Quite the most astonishing Victorian edifice that Gabe showed me on our trip round suburban Melbourne was the Springthorpe Monument in Boooondara Cemetery, in Kew not far from Villa Alba.
Dr John Springthorpe (1855-1933) erected this tomb in memory of his wife Annie, who died giving birth to their fourth child in 1897 at the age of thirty. The power of his grief led him to commemorate her in a rich, intense, uplifting memorial. It cost around A£10,000 – ten times what he spent on his three-storey house and surgery in Collins Street in the city-centre.
Within a massive Greek temple twenty feet square, designed by the architect Harold Desbrowe-Annear (1865-1933), lies an exquisite Carrara marble group by the sculptor Bertram Mackennal (1863-1931) showing the deceased with two angels, one placing a now-lost wreath on her head, the other playing a lyre.
Both these artists were Melbourne natives, though Bertram Mackennal gained prestige for his work in England as well as Australia: his is the relief of King George V that appeared on British and Empire coinage, medals and postage stamps. He was also responsible for the tomb of George and Mary Curzon at Kedleston in Derbyshire.
The crowning architectural glory – literally – of this monument is the dome of deep red Tiffany glass, which bathes the statuary in a warm light that is the opposite of funereal.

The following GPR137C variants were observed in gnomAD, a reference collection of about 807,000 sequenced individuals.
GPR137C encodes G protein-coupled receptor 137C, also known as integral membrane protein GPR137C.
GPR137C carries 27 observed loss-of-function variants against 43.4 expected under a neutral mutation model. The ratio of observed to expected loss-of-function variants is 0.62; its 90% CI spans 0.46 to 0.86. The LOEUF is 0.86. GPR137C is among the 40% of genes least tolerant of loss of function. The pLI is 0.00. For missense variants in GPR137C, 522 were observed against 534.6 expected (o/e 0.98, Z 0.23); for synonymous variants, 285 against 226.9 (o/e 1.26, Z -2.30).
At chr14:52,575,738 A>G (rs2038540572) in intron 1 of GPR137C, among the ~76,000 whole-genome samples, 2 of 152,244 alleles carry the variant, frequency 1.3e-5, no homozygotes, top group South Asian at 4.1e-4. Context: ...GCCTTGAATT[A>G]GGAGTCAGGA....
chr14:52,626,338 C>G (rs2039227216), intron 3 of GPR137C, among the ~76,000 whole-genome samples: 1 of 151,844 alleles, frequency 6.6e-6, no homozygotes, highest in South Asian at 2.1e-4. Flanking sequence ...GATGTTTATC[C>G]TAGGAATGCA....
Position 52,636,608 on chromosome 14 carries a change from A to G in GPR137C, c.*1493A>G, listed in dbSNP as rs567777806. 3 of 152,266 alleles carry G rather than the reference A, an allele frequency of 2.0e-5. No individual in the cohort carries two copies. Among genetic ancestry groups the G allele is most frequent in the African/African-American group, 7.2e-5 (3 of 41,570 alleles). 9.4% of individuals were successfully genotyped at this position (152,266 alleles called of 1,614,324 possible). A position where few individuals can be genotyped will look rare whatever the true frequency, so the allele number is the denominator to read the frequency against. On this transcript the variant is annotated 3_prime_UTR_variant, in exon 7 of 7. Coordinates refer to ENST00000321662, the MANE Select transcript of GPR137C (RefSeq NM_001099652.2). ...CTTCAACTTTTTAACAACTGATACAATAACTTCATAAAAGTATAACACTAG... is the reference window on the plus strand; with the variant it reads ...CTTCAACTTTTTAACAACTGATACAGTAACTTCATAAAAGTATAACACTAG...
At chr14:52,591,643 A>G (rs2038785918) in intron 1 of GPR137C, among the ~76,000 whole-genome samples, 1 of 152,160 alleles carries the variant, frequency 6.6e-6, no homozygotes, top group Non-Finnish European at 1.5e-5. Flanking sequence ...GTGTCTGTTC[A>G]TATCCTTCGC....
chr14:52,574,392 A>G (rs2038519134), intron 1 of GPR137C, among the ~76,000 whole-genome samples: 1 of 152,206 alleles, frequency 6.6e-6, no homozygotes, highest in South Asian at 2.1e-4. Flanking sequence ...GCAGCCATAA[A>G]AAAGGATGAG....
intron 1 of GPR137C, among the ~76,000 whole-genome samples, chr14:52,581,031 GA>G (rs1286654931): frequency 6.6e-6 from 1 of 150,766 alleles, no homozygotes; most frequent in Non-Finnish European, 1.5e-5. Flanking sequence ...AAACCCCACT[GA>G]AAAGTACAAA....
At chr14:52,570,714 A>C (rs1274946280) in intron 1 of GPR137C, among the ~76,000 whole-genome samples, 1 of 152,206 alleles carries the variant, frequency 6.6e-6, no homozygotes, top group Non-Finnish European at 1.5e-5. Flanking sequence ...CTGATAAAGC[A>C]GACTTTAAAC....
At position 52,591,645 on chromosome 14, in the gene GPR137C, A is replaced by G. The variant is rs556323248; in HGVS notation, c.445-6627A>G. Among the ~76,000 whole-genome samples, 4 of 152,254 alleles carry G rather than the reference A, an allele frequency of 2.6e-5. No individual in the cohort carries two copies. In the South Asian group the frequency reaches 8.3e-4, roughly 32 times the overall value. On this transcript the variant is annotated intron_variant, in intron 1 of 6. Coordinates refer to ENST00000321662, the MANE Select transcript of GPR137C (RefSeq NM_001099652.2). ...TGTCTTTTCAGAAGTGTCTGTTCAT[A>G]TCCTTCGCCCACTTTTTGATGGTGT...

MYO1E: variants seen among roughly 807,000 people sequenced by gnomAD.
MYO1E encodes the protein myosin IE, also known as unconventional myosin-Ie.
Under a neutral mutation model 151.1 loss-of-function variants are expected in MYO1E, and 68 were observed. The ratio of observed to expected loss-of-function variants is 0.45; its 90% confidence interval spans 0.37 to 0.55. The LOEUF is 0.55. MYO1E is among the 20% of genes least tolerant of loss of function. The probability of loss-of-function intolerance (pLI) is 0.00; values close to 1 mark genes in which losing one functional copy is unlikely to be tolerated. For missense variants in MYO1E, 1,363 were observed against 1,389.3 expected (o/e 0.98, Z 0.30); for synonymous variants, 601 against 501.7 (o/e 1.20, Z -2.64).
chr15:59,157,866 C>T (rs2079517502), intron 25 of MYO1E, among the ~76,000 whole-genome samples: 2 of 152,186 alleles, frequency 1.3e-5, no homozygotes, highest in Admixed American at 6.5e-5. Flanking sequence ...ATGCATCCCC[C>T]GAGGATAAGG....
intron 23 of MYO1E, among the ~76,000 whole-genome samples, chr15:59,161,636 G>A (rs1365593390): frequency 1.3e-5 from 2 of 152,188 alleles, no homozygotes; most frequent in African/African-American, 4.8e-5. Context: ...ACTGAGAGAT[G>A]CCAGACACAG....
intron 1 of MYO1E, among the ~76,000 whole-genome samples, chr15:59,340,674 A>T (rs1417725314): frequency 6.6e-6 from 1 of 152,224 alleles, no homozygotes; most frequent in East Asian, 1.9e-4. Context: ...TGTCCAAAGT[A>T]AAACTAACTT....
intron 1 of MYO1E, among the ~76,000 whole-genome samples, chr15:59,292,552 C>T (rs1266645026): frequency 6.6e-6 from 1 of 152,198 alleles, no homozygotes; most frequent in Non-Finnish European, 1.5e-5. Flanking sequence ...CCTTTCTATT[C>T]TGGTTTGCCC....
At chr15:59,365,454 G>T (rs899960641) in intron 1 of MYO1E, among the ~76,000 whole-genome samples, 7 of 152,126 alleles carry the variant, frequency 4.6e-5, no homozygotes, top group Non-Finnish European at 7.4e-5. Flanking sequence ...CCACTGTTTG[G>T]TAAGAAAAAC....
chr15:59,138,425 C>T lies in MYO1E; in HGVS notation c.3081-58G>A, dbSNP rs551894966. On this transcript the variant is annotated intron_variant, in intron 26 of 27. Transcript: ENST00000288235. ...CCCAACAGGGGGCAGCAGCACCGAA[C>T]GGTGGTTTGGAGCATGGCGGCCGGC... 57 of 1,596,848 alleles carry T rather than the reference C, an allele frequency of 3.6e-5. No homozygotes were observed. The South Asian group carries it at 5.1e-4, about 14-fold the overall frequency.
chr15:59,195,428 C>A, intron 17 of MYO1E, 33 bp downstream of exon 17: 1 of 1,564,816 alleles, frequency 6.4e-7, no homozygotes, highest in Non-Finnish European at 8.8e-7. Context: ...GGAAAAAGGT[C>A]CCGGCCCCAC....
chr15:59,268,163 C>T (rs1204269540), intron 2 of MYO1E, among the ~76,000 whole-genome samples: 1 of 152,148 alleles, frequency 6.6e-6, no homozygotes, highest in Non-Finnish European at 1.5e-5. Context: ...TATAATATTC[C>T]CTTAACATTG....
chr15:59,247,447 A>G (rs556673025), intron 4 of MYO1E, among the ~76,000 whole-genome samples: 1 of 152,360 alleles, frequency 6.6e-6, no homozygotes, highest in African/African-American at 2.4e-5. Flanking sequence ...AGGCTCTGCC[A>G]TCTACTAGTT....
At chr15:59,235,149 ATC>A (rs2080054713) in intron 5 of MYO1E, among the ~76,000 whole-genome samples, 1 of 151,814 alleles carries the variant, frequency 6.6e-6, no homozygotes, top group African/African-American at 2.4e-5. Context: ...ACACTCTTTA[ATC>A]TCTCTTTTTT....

The tomb is inscribed with a plethora of quotations from the Bible, the classics and from nineteenth-century poetry. The one omission is Annie Springthorpe’s name. Instead there is a simple, poignant inscription:
My own true love
Pattern daughter perfect mother and ideal wife
Born on the 26th day of January 1867
Married on the 26th day of January 1887
Buried on the 26th day of January 1897
Professor Pat Jalland, an Australian academic best known in the UK for her fascinating book Death in the Victorian Family (OUP 1996), wrote about the Springthorpe monument in The Age in 2002: http://www.theage.com.au/articles/2002/03/25/1017004752838.html, and there is further detail in George Nipper’s contribution to http://www.walkingmelbourne.com/forum/viewtopic.php?f=5&t=708&start=6.
Further illustrations can be found at http://www.walkingmelbourne.com/forum/viewtopic.php?t=708.
There is a biography of Dr John Springthorpe at http://adb.anu.edu.au/biography/springthorpe-john-william-8610.
For details of Mike Higginbottom’s lecture Victorian Cemeteries, please click here.